Tears for Notre-Dame; Few for Sri Lanka

Do Catholics mourn sacred buildings more than each other? You will likely shout a dismissive “No! Of course not!” Nevertheless, the question occurs to me witnessing the significant contrast between the way Catholics have responded to the Notre-Dame fire and, within a week, the Sri Lanka massacre. While money floods in from around the world for the rebuilding of Notre-Dame, there is no such spontaneous rush to contribute to the lives of maimed and mourning Christians in Sri Lanka.   In great measure, veneration of Notre-Dame arises from reverence for symbols and abstractions. Continue Reading
Scattered Notes on Notre-Dame

My heart splintered watching Notre-Dame go up in flames. The disorder of my own responses—a jumble of dismay, anger, and foreboding—permits no tidy structure. What follows is a series of thoughts in no strict sequence. Bear with me. •    •    •    • “Somebody did something” on 9/11. Taking a cue from Ilhan Omar, can we wonder if somebody did something to Notre-Dame? It is a rational conjecture. Watching the cathedral tower burn, it was impossible for the mind’s eye not to go directly to the burning towers of the World Trade Center. Continue Reading
Notes on The Gates of Hell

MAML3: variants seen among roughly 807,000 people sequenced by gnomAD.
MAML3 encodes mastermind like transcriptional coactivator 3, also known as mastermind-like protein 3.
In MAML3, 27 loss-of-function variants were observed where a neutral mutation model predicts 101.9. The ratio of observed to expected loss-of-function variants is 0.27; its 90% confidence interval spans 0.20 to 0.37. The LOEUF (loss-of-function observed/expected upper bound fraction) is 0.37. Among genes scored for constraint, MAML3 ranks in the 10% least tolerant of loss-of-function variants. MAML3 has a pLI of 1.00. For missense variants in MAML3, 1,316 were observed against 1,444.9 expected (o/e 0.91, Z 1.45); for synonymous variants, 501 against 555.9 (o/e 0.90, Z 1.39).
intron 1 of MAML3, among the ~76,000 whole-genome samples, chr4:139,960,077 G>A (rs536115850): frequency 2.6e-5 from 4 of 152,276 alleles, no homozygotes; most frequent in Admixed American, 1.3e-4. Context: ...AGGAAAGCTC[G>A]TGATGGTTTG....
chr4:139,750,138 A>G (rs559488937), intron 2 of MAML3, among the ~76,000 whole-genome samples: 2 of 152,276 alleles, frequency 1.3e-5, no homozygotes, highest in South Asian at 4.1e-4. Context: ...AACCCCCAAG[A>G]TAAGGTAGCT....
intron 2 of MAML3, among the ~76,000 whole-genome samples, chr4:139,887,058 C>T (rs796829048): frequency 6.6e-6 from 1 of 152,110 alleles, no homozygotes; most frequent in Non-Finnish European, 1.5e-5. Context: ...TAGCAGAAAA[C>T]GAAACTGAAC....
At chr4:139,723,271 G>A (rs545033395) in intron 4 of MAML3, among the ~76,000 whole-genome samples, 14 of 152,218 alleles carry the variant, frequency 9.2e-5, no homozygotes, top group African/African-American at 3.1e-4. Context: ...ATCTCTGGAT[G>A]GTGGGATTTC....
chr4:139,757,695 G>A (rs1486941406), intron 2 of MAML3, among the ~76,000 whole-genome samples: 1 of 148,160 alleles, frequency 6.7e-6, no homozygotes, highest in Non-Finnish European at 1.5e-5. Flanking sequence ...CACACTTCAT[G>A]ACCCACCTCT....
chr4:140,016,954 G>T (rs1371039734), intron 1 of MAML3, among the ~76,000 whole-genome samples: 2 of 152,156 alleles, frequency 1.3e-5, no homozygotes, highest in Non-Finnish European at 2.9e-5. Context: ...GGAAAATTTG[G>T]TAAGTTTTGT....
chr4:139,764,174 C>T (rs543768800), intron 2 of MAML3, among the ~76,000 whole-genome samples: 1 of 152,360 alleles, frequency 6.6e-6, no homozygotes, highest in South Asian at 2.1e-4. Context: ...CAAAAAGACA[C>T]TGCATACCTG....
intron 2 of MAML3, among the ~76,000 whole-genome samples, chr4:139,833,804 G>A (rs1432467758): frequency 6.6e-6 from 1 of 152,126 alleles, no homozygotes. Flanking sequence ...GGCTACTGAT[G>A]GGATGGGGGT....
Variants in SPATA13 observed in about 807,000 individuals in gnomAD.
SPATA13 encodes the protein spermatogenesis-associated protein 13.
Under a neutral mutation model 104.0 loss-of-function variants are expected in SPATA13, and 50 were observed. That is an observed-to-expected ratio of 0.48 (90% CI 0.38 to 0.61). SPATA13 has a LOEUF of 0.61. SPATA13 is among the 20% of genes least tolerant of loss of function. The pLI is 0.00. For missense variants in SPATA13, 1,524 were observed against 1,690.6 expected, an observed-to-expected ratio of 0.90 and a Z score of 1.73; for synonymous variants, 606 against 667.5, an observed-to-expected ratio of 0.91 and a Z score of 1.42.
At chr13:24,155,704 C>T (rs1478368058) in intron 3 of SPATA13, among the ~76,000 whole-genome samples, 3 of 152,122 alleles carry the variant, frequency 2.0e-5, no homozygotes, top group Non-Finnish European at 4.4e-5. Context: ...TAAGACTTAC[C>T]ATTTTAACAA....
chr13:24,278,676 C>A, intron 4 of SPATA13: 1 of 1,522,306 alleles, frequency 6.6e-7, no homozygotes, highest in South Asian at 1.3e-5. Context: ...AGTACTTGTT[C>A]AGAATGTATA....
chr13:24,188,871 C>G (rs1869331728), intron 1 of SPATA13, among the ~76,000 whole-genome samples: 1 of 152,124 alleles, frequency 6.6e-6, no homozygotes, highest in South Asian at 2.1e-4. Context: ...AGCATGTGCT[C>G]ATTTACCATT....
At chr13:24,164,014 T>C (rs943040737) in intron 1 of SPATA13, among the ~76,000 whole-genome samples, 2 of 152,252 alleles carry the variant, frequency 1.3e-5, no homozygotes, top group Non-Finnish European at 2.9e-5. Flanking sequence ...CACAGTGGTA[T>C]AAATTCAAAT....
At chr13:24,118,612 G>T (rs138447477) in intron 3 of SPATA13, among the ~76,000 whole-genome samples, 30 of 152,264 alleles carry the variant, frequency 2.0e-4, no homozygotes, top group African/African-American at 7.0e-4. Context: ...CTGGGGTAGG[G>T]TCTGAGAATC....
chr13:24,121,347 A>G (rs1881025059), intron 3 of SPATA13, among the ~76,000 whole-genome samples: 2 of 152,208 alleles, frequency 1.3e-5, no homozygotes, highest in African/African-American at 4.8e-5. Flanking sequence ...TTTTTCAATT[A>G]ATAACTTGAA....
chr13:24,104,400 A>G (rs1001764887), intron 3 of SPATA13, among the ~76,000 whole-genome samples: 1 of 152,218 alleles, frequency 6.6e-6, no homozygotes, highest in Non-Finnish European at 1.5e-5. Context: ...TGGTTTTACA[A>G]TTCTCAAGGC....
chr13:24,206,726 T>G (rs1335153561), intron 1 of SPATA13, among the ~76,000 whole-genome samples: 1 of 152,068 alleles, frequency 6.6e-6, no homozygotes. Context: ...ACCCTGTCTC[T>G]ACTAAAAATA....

The gates of hell are no closer than they ever have been. No matter the crumbling of our culture or the dereliction of a pope, they have not moved a millimeter. Immobile, they remain where—and what—they were when life first erupted on the planet: an ineluctable border between life and death. Yet we go on invoking them as a talisman against institutional rot or, alternately, as the default comfort in a waning civilization. What calls attention to the phrase just now is Cardinal Dolan’s February 3rd pastoral letter to all parishes in the New York Archdiocese. Continue Reading
Theodore McCarrick: From Cardinal to Commoner

Theodore McCarrick was demoted from cardinal to archbishop some months ago. Under pressure of media attention, the Vatican has upped the ante on penalties against him. Now he is simply Mr. McCarrick, forbidden to function as a priest in any but the most extreme emergency situations. He can still offer absolution to the dying victim of a hit-and-run. The rest is nil. Forgive me if I abstain from all the cheers of satisfaction over McCarrick’s defrocking. Certainly, I have no sympathy for the man. Continue Reading